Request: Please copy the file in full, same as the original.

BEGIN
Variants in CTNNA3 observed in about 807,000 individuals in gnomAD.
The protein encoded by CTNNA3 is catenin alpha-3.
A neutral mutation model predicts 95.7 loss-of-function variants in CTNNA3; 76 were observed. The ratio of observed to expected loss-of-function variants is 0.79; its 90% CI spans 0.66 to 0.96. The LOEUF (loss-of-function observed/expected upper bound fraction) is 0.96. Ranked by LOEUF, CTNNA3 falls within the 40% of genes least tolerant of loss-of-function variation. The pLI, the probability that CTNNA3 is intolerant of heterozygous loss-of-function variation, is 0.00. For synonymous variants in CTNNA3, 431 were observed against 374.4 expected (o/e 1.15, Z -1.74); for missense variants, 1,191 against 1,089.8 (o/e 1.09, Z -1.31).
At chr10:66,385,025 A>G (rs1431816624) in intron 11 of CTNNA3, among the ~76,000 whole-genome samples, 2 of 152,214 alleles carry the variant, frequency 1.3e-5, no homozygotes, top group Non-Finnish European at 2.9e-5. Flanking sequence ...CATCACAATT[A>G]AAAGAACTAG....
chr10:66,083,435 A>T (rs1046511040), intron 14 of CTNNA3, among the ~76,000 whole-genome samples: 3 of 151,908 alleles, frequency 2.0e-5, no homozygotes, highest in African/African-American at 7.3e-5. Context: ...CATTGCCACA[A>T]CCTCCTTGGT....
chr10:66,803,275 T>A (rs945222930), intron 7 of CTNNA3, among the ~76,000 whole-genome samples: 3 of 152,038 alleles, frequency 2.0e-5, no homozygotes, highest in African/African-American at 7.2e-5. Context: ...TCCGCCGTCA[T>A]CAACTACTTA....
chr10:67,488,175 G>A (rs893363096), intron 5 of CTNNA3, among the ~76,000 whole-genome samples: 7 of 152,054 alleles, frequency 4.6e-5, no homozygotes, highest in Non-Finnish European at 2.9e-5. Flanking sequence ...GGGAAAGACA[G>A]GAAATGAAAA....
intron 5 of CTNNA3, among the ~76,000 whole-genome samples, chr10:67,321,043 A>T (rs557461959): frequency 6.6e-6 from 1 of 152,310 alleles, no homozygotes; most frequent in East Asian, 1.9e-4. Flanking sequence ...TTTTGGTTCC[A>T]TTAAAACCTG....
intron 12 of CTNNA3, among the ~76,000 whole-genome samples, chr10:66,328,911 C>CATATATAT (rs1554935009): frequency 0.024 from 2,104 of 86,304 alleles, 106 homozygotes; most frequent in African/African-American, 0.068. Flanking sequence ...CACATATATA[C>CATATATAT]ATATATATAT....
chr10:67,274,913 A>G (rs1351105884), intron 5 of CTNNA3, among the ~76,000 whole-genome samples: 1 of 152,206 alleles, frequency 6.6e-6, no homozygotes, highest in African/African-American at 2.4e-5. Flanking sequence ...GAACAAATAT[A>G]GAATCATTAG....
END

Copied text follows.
Variants in CTNNA3 observed in about 807,000 individuals in gnomAD.
The protein encoded by CTNNA3 is catenin alpha-3.
A neutral mutation model predicts 95.7 loss-of-function variants in CTNNA3; 76 were observed. The ratio of observed to expected loss-of-function variants is 0.79; its 90% CI spans 0.66 to 0.96. The LOEUF (loss-of-function observed/expected upper bound fraction) is 0.96. Ranked by LOEUF, CTNNA3 falls within the 40% of genes least tolerant of loss-of-function variation. The pLI, the probability that CTNNA3 is intolerant of heterozygous loss-of-function variation, is 0.00. For synonymous variants in CTNNA3, 431 were observed against 374.4 expected (o/e 1.15, Z -1.74); for missense variants, 1,191 against 1,089.8 (o/e 1.09, Z -1.31).
At chr10:66,385,025 A>G (rs1431816624) in intron 11 of CTNNA3, among the ~76,000 whole-genome samples, 2 of 152,214 alleles carry the variant, frequency 1.3e-5, no homozygotes, top group Non-Finnish European at 2.9e-5. Flanking sequence ...CATCACAATT[A>G]AAAGAACTAG....
chr10:66,083,435 A>T (rs1046511040), intron 14 of CTNNA3, among the ~76,000 whole-genome samples: 3 of 151,908 alleles, frequency 2.0e-5, no homozygotes, highest in African/African-American at 7.3e-5. Context: ...CATTGCCACA[A>T]CCTCCTTGGT....
chr10:66,803,275 T>A (rs945222930), intron 7 of CTNNA3, among the ~76,000 whole-genome samples: 3 of 152,038 alleles, frequency 2.0e-5, no homozygotes, highest in African/African-American at 7.2e-5. Context: ...TCCGCCGTCA[T>A]CAACTACTTA....
chr10:67,488,175 G>A (rs893363096), intron 5 of CTNNA3, among the ~76,000 whole-genome samples: 7 of 152,054 alleles, frequency 4.6e-5, no homozygotes, highest in Non-Finnish European at 2.9e-5. Flanking sequence ...GGGAAAGACA[G>A]GAAATGAAAA....
intron 5 of CTNNA3, among the ~76,000 whole-genome samples, chr10:67,321,043 A>T (rs557461959): frequency 6.6e-6 from 1 of 152,310 alleles, no homozygotes; most frequent in East Asian, 1.9e-4. Flanking sequence ...TTTTGGTTCC[A>T]TTAAAACCTG....
intron 12 of CTNNA3, among the ~76,000 whole-genome samples, chr10:66,328,911 C>CATATATAT (rs1554935009): frequency 0.024 from 2,104 of 86,304 alleles, 106 homozygotes; most frequent in African/African-American, 0.068. Flanking sequence ...CACATATATA[C>CATATATAT]ATATATATAT....
chr10:67,274,913 A>G (rs1351105884), intron 5 of CTNNA3, among the ~76,000 whole-genome samples: 1 of 152,206 alleles, frequency 6.6e-6, no homozygotes, highest in African/African-American at 2.4e-5. Flanking sequence ...GAACAAATAT[A>G]GAATCATTAG....